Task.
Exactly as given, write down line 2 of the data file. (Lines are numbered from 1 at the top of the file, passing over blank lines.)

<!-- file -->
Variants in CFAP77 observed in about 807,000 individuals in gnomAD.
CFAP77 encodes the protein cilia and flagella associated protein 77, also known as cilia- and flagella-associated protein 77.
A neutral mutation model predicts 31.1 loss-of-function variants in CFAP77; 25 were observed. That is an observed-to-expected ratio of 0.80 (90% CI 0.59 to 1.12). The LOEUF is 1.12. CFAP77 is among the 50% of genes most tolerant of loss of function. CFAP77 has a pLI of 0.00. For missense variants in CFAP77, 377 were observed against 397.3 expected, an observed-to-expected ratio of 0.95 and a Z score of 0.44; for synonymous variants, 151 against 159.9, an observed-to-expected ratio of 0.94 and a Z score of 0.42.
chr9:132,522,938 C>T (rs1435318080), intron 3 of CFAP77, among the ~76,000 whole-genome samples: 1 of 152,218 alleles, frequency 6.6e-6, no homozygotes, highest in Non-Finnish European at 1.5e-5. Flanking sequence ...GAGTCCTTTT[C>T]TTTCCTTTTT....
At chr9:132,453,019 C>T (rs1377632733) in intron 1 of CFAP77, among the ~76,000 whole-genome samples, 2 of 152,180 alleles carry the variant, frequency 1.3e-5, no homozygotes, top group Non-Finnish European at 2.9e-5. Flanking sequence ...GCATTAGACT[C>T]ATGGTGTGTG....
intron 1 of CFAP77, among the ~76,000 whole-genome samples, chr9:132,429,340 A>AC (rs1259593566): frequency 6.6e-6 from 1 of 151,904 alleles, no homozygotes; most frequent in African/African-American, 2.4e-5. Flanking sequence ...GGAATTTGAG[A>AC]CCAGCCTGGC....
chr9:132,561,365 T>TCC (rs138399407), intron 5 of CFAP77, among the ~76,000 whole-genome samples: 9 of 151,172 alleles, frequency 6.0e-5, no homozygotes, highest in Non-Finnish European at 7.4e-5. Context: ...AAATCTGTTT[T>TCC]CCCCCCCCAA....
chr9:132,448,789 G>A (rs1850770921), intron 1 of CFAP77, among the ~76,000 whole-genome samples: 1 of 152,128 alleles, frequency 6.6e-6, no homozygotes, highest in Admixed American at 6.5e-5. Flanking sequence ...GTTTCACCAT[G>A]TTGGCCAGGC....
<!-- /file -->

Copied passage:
CFAP77 encodes the protein cilia and flagella associated protein 77, also known as cilia- and flagella-associated protein 77.